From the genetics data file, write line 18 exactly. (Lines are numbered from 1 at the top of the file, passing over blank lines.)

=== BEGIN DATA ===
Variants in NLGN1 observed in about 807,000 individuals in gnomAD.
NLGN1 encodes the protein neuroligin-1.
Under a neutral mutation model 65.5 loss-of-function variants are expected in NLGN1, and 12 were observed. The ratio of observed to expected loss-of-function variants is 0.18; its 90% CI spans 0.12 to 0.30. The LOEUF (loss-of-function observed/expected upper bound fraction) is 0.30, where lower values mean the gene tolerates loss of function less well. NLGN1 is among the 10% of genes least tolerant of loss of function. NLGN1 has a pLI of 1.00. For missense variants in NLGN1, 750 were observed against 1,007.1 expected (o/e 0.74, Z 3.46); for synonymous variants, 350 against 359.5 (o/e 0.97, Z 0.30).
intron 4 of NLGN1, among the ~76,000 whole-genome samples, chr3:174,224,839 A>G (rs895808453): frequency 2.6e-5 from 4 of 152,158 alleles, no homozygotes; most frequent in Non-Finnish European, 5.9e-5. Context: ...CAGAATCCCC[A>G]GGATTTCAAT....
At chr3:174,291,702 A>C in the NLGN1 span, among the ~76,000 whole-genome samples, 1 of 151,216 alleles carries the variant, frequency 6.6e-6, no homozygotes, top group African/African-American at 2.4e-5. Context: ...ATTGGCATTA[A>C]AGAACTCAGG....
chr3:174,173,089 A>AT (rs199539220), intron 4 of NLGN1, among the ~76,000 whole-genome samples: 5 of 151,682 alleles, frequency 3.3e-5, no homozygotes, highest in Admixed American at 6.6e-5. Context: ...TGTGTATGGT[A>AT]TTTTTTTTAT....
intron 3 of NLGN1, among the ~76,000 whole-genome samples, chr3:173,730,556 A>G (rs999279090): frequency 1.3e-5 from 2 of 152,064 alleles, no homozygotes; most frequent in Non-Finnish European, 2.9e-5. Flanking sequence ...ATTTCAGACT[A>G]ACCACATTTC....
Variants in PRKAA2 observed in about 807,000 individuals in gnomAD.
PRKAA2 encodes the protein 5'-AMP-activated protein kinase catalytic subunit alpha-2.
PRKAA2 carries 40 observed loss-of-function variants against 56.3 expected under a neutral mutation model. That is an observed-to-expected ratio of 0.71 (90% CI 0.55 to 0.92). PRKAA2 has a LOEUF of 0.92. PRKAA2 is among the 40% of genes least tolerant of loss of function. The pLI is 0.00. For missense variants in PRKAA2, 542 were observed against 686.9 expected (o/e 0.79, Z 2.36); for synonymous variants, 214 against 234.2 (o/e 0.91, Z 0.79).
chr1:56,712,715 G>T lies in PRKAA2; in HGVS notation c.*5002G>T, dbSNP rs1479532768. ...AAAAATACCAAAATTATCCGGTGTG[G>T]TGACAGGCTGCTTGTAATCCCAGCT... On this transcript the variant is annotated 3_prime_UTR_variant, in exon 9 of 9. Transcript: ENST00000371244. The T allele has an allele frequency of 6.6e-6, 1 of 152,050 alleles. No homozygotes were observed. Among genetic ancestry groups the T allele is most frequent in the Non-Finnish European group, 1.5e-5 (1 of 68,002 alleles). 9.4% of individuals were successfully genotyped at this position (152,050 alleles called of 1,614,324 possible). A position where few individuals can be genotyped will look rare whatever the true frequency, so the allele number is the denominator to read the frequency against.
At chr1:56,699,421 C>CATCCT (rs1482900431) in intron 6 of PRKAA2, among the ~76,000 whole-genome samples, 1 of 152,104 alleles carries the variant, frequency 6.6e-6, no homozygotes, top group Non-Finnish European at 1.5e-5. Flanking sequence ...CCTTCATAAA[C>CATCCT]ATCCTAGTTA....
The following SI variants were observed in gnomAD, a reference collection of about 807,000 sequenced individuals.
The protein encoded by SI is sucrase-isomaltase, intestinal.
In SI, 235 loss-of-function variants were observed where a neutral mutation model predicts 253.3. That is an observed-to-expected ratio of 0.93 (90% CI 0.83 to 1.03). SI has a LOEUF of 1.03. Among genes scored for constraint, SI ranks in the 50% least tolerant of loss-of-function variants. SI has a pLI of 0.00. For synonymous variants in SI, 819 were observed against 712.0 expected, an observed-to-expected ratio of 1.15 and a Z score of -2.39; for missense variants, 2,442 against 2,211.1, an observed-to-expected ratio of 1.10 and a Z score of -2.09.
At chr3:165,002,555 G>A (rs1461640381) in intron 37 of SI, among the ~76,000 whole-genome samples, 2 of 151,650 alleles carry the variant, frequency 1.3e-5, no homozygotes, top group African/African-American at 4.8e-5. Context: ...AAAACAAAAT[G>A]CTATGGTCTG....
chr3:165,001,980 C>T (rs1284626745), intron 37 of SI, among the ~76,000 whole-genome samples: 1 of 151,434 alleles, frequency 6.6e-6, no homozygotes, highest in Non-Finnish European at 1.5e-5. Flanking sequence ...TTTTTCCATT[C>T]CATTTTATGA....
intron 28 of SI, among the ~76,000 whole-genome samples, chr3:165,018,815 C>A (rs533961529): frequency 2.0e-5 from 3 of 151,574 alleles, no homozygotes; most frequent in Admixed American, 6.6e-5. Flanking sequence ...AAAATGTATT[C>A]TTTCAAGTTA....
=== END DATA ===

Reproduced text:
intron 28 of SI, among the ~76,000 whole-genome samples, chr3:165,018,815 C>A (rs533961529): frequency 2.0e-5 from 3 of 151,574 alleles, no homozygotes; most frequent in Admixed American, 6.6e-5. Flanking sequence ...AAAATGTATT[C>A]TTTCAAGTTA....